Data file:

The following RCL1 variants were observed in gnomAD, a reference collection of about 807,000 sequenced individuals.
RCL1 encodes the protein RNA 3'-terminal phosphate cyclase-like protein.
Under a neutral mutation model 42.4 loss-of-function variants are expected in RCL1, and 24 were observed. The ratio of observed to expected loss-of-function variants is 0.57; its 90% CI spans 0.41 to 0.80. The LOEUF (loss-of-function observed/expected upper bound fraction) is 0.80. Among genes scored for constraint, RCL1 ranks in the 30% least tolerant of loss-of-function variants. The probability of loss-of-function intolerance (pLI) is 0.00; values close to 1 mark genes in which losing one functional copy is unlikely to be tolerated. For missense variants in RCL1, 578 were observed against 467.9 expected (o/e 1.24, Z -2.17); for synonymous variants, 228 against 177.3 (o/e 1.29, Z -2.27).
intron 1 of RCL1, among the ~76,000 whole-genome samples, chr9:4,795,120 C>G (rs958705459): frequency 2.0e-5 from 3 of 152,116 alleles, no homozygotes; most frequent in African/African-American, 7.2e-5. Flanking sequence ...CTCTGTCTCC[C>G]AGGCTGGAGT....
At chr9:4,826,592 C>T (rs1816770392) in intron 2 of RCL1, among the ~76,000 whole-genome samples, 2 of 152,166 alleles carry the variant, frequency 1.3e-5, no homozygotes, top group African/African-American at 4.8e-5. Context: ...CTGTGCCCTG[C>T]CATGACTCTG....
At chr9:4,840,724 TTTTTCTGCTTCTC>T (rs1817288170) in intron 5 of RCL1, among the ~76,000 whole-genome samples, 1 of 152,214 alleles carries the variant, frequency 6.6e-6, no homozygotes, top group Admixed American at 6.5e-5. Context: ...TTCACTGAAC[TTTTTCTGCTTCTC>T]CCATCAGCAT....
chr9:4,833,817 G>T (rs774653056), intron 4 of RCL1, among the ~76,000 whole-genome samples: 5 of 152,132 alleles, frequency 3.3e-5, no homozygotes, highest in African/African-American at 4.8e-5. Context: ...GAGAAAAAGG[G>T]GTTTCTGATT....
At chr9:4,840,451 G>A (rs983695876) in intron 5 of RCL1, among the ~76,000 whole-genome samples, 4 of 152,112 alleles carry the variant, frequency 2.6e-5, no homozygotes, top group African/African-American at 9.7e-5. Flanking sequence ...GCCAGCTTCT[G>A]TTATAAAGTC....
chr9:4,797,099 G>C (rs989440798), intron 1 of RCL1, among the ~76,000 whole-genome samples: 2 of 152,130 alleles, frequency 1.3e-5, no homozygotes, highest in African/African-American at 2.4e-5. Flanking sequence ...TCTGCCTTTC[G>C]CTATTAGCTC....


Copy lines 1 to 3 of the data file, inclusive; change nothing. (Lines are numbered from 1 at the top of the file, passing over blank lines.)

The following RCL1 variants were observed in gnomAD, a reference collection of about 807,000 sequenced individuals.
RCL1 encodes the protein RNA 3'-terminal phosphate cyclase-like protein.
Under a neutral mutation model 42.4 loss-of-function variants are expected in RCL1, and 24 were observed. The ratio of observed to expected loss-of-function variants is 0.57; its 90% CI spans 0.41 to 0.80. The LOEUF (loss-of-function observed/expected upper bound fraction) is 0.80. Among genes scored for constraint, RCL1 ranks in the 30% least tolerant of loss-of-function variants. The probability of loss-of-function intolerance (pLI) is 0.00; values close to 1 mark genes in which losing one functional copy is unlikely to be tolerated. For missense variants in RCL1, 578 were observed against 467.9 expected (o/e 1.24, Z -2.17); for synonymous variants, 228 against 177.3 (o/e 1.29, Z -2.27).